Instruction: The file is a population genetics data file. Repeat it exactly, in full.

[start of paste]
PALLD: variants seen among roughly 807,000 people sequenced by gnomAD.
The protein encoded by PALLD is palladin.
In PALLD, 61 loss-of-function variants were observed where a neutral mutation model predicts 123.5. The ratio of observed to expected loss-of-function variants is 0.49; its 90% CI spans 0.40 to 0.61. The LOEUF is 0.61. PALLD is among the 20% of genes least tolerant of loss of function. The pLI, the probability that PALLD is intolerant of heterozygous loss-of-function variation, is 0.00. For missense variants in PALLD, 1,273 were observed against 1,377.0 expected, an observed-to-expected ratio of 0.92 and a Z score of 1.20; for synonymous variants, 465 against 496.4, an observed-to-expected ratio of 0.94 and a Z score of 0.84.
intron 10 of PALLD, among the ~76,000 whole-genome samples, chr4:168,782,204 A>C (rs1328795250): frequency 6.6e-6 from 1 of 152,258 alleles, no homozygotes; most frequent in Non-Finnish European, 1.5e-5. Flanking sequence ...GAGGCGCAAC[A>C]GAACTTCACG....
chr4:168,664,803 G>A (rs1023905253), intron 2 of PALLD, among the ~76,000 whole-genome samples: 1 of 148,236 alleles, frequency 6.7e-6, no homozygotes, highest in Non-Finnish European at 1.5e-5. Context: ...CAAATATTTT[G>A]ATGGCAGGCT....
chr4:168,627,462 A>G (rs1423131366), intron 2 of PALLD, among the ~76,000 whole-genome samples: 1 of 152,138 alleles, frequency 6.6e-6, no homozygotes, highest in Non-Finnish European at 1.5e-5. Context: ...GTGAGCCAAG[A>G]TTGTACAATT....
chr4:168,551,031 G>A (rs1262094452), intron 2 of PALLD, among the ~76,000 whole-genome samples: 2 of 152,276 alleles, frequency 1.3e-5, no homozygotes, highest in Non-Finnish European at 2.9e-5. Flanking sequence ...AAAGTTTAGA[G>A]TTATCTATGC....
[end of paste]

PALLD: variants seen among roughly 807,000 people sequenced by gnomAD.
The protein encoded by PALLD is palladin.
In PALLD, 61 loss-of-function variants were observed where a neutral mutation model predicts 123.5. The ratio of observed to expected loss-of-function variants is 0.49; its 90% CI spans 0.40 to 0.61. The LOEUF is 0.61. PALLD is among the 20% of genes least tolerant of loss of function. The pLI, the probability that PALLD is intolerant of heterozygous loss-of-function variation, is 0.00. For missense variants in PALLD, 1,273 were observed against 1,377.0 expected, an observed-to-expected ratio of 0.92 and a Z score of 1.20; for synonymous variants, 465 against 496.4, an observed-to-expected ratio of 0.94 and a Z score of 0.84.
intron 10 of PALLD, among the ~76,000 whole-genome samples, chr4:168,782,204 A>C (rs1328795250): frequency 6.6e-6 from 1 of 152,258 alleles, no homozygotes; most frequent in Non-Finnish European, 1.5e-5. Flanking sequence ...GAGGCGCAAC[A>C]GAACTTCACG....
chr4:168,664,803 G>A (rs1023905253), intron 2 of PALLD, among the ~76,000 whole-genome samples: 1 of 148,236 alleles, frequency 6.7e-6, no homozygotes, highest in Non-Finnish European at 1.5e-5. Context: ...CAAATATTTT[G>A]ATGGCAGGCT....
chr4:168,627,462 A>G (rs1423131366), intron 2 of PALLD, among the ~76,000 whole-genome samples: 1 of 152,138 alleles, frequency 6.6e-6, no homozygotes, highest in Non-Finnish European at 1.5e-5. Context: ...GTGAGCCAAG[A>G]TTGTACAATT....
chr4:168,551,031 G>A (rs1262094452), intron 2 of PALLD, among the ~76,000 whole-genome samples: 2 of 152,276 alleles, frequency 1.3e-5, no homozygotes, highest in Non-Finnish European at 2.9e-5. Flanking sequence ...AAAGTTTAGA[G>A]TTATCTATGC....